They're making a list and checking it twice, and they're confident they have a pretty good handle on who's been naughty and nice.

They're making a list and checking it twice, and they're confident they have a pretty good handle on who's been naughty and nice.


Officials with the U.S. Consumer Product Safety Commission want to prevent a repeat of the 2007 holiday shopping season, when unsafe lead levels and other potential dangers prompted a record number of toy recalls.


Last month, in its annual holiday safety message, the commission insisted that "vigorous inspection of toys, testing and law enforcement have made toys the safest this season." Under new rules, toys must be certified by an accredited third-party lab. The commission said it's also working closely with U.S. Customs and Border Protection to check shipments of imported toys before they reach store shelves. "I'm very happy to see we're having a much greater impact on keeping out unsafe products," said Daniel Baldwin, the customs agency's assistant commissioner for international trade.


Last year, the recall of more than 25 million dolls, games, trinkets and play sets left retailers with some empty shelves and parents with one nagging question: Is any toy safe? "Actually, even now, all I think about is the problems with toys made in China and all the recalls that occurred last year," Tom Everard, 43, of Hilliard, said during a recent visit to The Shops on Lane Avenue. For Everard and his wife, Lori, the 2007 recalls hit close to home. One targeted a Thomas & Friends Wooden Railway set-the favorite toy of their daughter, Rachel, then 31/2. "I had to take them out of her hands last year," the girl's father recalled.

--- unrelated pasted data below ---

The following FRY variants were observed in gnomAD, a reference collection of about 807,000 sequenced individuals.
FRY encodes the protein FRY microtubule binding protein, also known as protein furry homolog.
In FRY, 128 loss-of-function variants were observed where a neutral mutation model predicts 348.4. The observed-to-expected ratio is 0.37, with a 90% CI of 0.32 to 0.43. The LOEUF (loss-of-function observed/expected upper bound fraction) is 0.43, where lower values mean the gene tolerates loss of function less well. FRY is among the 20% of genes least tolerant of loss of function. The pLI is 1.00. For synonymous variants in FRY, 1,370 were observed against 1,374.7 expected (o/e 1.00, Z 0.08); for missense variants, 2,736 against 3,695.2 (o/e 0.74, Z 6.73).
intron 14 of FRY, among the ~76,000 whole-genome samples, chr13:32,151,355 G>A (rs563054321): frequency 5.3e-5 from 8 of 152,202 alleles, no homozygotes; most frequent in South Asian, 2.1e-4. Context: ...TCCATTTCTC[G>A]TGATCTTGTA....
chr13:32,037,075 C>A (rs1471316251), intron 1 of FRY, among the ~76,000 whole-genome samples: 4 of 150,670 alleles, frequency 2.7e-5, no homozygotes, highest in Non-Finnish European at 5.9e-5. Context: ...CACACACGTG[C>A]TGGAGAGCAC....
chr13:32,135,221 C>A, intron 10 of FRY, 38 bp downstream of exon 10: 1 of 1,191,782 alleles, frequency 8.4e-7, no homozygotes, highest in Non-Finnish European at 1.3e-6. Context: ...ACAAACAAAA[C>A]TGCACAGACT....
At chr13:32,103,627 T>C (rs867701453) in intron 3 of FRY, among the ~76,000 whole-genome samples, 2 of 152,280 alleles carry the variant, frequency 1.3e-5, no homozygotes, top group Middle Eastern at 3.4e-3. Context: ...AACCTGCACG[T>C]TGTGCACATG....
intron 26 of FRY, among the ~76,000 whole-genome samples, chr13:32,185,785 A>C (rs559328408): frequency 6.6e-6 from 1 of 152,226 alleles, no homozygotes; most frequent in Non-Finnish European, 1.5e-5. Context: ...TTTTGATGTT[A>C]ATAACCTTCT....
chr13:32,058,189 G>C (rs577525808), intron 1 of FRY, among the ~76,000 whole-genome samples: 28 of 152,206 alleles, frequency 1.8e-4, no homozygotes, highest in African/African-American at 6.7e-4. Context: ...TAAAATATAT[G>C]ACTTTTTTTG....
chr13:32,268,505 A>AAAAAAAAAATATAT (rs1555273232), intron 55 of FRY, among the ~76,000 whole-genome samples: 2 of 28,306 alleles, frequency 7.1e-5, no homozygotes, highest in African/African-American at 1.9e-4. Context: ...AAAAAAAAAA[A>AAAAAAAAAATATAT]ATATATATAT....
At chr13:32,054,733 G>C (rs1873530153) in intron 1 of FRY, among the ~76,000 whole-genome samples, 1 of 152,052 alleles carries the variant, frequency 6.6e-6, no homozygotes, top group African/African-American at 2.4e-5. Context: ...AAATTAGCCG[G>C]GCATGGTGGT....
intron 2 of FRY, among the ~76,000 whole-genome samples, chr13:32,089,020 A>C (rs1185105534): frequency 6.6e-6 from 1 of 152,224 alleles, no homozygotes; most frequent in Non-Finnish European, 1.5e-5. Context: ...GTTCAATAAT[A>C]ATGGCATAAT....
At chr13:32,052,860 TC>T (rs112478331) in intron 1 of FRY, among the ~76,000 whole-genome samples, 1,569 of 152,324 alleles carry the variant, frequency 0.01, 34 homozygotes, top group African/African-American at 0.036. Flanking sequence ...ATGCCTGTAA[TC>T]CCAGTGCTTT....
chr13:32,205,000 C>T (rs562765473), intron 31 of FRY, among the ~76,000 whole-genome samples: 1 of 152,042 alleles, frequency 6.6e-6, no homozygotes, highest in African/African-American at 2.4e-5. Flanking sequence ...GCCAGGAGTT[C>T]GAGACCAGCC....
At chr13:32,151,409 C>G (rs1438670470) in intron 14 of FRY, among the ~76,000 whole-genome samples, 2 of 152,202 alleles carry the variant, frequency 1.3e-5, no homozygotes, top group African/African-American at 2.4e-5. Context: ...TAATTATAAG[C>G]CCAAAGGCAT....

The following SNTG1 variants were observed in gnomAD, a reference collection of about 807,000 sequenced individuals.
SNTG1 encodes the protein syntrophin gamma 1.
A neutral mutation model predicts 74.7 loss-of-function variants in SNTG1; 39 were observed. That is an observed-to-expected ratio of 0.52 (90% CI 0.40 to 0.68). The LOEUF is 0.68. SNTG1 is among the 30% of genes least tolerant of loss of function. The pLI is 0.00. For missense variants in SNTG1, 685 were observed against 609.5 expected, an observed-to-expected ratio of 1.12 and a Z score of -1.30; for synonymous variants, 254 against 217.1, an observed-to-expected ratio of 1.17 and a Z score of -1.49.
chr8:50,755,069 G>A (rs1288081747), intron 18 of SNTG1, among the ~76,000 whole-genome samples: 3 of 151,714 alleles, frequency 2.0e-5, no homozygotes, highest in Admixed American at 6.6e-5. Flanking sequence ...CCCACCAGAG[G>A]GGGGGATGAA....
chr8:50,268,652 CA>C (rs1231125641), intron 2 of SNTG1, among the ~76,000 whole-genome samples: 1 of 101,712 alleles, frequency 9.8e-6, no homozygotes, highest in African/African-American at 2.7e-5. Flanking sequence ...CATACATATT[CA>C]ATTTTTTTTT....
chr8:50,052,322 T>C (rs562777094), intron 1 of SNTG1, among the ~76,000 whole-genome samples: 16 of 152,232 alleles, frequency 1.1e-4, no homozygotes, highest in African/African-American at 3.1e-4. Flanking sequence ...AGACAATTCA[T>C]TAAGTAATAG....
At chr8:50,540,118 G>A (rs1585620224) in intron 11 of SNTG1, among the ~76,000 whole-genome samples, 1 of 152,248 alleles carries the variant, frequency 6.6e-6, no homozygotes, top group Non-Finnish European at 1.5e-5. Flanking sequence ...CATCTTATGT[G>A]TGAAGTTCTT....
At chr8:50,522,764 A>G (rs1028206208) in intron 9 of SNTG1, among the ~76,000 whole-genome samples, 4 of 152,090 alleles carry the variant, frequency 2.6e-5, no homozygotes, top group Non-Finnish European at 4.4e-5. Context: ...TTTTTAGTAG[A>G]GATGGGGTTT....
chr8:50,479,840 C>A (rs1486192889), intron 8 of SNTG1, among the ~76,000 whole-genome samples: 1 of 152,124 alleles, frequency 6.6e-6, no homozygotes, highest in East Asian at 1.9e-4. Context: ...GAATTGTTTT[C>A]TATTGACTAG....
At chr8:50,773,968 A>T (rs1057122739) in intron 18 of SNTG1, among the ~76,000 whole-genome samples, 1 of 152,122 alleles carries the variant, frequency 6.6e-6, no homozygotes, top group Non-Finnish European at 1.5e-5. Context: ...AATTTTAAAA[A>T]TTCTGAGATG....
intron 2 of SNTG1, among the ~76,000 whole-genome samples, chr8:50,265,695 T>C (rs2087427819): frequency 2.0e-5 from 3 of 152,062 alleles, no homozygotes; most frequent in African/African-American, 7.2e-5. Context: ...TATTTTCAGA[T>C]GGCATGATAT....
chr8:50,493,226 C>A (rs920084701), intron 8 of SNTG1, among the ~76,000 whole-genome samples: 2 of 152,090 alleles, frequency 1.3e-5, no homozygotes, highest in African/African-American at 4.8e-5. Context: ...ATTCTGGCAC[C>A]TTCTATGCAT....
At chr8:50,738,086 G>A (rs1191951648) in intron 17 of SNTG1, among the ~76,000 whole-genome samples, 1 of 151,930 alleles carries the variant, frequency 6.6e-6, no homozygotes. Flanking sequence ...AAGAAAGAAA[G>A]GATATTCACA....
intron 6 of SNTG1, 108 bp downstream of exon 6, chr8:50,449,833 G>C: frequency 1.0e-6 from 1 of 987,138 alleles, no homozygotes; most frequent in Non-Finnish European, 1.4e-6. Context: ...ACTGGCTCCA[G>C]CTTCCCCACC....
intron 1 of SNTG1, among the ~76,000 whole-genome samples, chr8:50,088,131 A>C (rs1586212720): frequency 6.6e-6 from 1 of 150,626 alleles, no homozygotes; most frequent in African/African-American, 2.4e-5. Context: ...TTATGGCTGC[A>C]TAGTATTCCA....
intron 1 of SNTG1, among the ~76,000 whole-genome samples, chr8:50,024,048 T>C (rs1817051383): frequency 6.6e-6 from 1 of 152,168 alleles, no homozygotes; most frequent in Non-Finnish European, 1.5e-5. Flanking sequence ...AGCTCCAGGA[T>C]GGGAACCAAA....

Jeff DeLeone, a 39-year-old Upper Arlington resident, said he and his wife, Lara, will be extra vigilant in shopping for daughter Gina, 4, and son James, 11/2. "With two young kids, we're always looking and considering safe toys-toys that don't have small parts they can swallow or get hurt on," DeLeone said. "We look at toy labels closely and certainly what the Consumer Product Safety Commission puts out."


In its safety message, the commission said there are plenty of things that parents can do to help protect their young children. They might want to think twice, for example, before buying what the commission described as its "top five toy hazards:" scooters and other riding toys; small balls and other toys with easily swallowed parts; balloons; magnets; and battery chargers and adapters. Improper use can result in deadly falls, suffocation or serious burns, the commission said.

Other recommendations:

Immediately discard plastic wrappings on toys before they become dangerous playthings. Keep toys appropriate for older children away from younger siblings. Pay attention to instructions and warnings on battery chargers; some chargers lack any device to prevent overcharging.


For updates on toy recalls this season, call (800) 638-CPSC (2772) or visit www.cpsc.gov.